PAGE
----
My Hypothetical Model Portfolio performed very well during May, generating its largest dollar increase since January 2006 and the largest return, on a percentage basis, since October 2006, matching the 3.47% return achieved during April 2007. As of the market close on May 31, 2007, the Hypothetical Model Portfolio* closed up by $5,299.73 during May. The Hypothetical Model Portfolio is now up $12,674 in 2007, a gain of 8.71%, as shown on the table below (click for a larger image of the table).
All of my holdings were up except for the Templeton Russia closed-end fund (TRF), which had its fifth consecutive monthly drop in value due primarily to its ongoing premium compression, as I have discussed previously. The other nine holdings in the Model Portfolio all rose, led by the 4.93% return of the iShares Emerging Markets ETF (EEM) , the 4.41% return of the Vanguard Small Cap Index mutual fund (NAESX), and the 4.34% return of the Vanguard Midcap Index mutual fund (VIMSX). Financials lagged slightly during May, with iShares Dow Jones U.S. Select Dividend Index Fund (DVY) rising only 1.97% and the SPDR Financial components ETF (XLF) rising 2.40%.
Through the end of May, the Model Portfolio is up 8.71%, slightly trailing the 8.74% return of the Vanguard Index 500 mutual fund (VFINX). Four of the holdings are up over 11% so far this year. VIMSX is the biggest winner so far, having risen 13.12% in 2007, EEM has risen 11.06%, the Vanguard Developed Markets Index mutual fund (VDMIX) has risen 11.03%, and NAESX has risen 11.02%. The only negative performer so far has been the 2006 portfolio leader, TRF, which is now down a huge 21.25% in 2007.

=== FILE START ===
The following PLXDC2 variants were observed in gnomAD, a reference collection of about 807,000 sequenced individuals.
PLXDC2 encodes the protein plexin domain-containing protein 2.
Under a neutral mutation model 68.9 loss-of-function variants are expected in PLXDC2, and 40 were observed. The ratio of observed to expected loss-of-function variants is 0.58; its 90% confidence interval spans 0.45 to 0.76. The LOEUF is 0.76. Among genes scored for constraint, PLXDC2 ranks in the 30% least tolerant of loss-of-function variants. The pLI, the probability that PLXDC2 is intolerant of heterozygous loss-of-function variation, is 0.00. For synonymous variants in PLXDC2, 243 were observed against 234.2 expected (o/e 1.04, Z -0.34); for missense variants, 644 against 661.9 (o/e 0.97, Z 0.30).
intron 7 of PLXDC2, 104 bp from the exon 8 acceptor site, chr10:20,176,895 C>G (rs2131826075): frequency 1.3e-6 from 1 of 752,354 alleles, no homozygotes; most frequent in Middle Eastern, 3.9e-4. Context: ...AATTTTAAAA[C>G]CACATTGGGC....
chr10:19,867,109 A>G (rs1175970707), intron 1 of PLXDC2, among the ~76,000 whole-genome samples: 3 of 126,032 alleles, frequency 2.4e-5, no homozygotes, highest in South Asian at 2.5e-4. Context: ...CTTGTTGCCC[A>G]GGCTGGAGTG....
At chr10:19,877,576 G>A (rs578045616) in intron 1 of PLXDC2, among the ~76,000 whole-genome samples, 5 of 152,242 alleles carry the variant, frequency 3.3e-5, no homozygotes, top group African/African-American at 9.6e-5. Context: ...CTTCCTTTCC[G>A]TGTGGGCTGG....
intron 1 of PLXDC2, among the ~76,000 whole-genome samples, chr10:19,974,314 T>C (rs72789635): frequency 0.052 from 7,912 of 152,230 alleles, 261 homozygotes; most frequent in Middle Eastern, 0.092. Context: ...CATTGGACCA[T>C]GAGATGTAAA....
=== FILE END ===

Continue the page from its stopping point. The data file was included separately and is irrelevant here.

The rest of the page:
None of the holdings paid dividends during May. However, QQQQ paid a dividend during April (on April 30, 2007) that I inadvertantly neglected to mention during my summary of the April results. The QQQQ dividend was $0.027/share, a total of $5.67. This dividend is listed in the chart below and was added to the CASH position. As I mentioned in a previous post, the dividends from mutual fund holdings are reinvested, but the dividends from ETFs or TRF are not reinvested- they will accumulate as "CASH" on the performance table below until at least $100 has accrued, at which point that money will be reinvested in one of the mutual fund holdings. The reason I am doing this is because the index mutual funds in this portfolio do not charge a transaction fee for reinvesting dividends. To reinvent dividends for any of the ETFs or TRF, on the other hand, would cause me to incur transaction fees for the trading commissions.
As of May 31, 2007, the premium on TRF is still a relatively low 6.18%, down from the typical double digit premium of the past few years. I still suspect that TRF's premium compression is pretty much over and expect TRF to start outperforming other holdings in the Hypothetical Model Portfolio just like it did during the last few months of 2006.
*The Hypothetical Model Portfolio was created with an investment of $100,000 in securities as of the closing values on December 30, 2005 and an additional $25,000 was invested n securities as of the closing values on December 29, 2006. The reason why the total cost in the chart is greater than $125,000 is because the total cost accounts for the value of distributions reinvested into the mutual funds in the portfolio.
April 2007 Returns